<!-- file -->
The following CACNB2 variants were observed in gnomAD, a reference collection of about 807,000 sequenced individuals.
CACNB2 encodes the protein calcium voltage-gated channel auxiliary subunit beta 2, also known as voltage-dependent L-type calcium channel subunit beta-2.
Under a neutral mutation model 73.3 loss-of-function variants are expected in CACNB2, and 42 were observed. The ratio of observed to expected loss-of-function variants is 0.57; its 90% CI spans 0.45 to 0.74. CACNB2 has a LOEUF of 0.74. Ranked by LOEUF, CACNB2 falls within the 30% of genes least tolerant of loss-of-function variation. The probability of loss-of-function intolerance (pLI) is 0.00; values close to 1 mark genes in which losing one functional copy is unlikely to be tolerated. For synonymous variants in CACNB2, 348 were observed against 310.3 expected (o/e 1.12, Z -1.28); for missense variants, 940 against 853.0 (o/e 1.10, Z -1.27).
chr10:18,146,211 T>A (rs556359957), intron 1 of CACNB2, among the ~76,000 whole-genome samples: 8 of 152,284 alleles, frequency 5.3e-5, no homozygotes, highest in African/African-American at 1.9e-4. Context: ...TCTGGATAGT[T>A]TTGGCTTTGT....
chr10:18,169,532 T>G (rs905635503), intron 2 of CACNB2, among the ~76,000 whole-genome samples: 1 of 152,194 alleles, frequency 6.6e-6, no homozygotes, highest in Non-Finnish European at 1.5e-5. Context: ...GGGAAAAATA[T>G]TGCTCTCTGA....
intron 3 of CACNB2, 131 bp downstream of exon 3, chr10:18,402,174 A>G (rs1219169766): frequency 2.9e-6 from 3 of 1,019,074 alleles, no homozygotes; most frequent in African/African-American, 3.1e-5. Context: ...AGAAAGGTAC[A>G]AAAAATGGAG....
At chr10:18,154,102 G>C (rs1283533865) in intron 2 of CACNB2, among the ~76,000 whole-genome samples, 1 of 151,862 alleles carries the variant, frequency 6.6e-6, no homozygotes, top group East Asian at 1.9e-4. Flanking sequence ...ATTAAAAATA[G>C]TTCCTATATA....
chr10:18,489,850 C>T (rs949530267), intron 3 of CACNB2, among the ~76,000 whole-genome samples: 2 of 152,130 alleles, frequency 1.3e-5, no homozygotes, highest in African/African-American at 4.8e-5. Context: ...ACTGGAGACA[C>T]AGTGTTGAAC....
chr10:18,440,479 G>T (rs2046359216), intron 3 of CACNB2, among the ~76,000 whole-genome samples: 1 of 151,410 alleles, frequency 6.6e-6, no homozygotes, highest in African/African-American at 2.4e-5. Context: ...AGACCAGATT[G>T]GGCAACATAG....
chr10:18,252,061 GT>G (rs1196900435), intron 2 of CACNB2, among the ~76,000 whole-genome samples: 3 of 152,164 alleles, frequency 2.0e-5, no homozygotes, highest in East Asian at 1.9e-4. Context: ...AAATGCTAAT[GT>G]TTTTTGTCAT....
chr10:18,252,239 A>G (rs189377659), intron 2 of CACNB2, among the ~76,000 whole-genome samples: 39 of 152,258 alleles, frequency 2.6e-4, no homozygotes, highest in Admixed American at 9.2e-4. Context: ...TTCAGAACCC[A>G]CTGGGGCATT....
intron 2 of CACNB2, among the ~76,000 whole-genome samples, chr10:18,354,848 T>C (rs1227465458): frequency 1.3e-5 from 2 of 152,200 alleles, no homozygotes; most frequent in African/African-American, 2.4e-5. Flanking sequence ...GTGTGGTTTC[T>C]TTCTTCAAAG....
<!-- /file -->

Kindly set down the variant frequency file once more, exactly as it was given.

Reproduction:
The following CACNB2 variants were observed in gnomAD, a reference collection of about 807,000 sequenced individuals.
CACNB2 encodes the protein calcium voltage-gated channel auxiliary subunit beta 2, also known as voltage-dependent L-type calcium channel subunit beta-2.
Under a neutral mutation model 73.3 loss-of-function variants are expected in CACNB2, and 42 were observed. The ratio of observed to expected loss-of-function variants is 0.57; its 90% CI spans 0.45 to 0.74. CACNB2 has a LOEUF of 0.74. Ranked by LOEUF, CACNB2 falls within the 30% of genes least tolerant of loss-of-function variation. The probability of loss-of-function intolerance (pLI) is 0.00; values close to 1 mark genes in which losing one functional copy is unlikely to be tolerated. For synonymous variants in CACNB2, 348 were observed against 310.3 expected (o/e 1.12, Z -1.28); for missense variants, 940 against 853.0 (o/e 1.10, Z -1.27).
chr10:18,146,211 T>A (rs556359957), intron 1 of CACNB2, among the ~76,000 whole-genome samples: 8 of 152,284 alleles, frequency 5.3e-5, no homozygotes, highest in African/African-American at 1.9e-4. Context: ...TCTGGATAGT[T>A]TTGGCTTTGT....
chr10:18,169,532 T>G (rs905635503), intron 2 of CACNB2, among the ~76,000 whole-genome samples: 1 of 152,194 alleles, frequency 6.6e-6, no homozygotes, highest in Non-Finnish European at 1.5e-5. Context: ...GGGAAAAATA[T>G]TGCTCTCTGA....
intron 3 of CACNB2, 131 bp downstream of exon 3, chr10:18,402,174 A>G (rs1219169766): frequency 2.9e-6 from 3 of 1,019,074 alleles, no homozygotes; most frequent in African/African-American, 3.1e-5. Context: ...AGAAAGGTAC[A>G]AAAAATGGAG....
At chr10:18,154,102 G>C (rs1283533865) in intron 2 of CACNB2, among the ~76,000 whole-genome samples, 1 of 151,862 alleles carries the variant, frequency 6.6e-6, no homozygotes, top group East Asian at 1.9e-4. Flanking sequence ...ATTAAAAATA[G>C]TTCCTATATA....
chr10:18,489,850 C>T (rs949530267), intron 3 of CACNB2, among the ~76,000 whole-genome samples: 2 of 152,130 alleles, frequency 1.3e-5, no homozygotes, highest in African/African-American at 4.8e-5. Context: ...ACTGGAGACA[C>T]AGTGTTGAAC....
chr10:18,440,479 G>T (rs2046359216), intron 3 of CACNB2, among the ~76,000 whole-genome samples: 1 of 151,410 alleles, frequency 6.6e-6, no homozygotes, highest in African/African-American at 2.4e-5. Context: ...AGACCAGATT[G>T]GGCAACATAG....
chr10:18,252,061 GT>G (rs1196900435), intron 2 of CACNB2, among the ~76,000 whole-genome samples: 3 of 152,164 alleles, frequency 2.0e-5, no homozygotes, highest in East Asian at 1.9e-4. Context: ...AAATGCTAAT[GT>G]TTTTTGTCAT....
chr10:18,252,239 A>G (rs189377659), intron 2 of CACNB2, among the ~76,000 whole-genome samples: 39 of 152,258 alleles, frequency 2.6e-4, no homozygotes, highest in Admixed American at 9.2e-4. Context: ...TTCAGAACCC[A>G]CTGGGGCATT....
intron 2 of CACNB2, among the ~76,000 whole-genome samples, chr10:18,354,848 T>C (rs1227465458): frequency 1.3e-5 from 2 of 152,200 alleles, no homozygotes; most frequent in African/African-American, 2.4e-5. Flanking sequence ...GTGTGGTTTC[T>C]TTCTTCAAAG....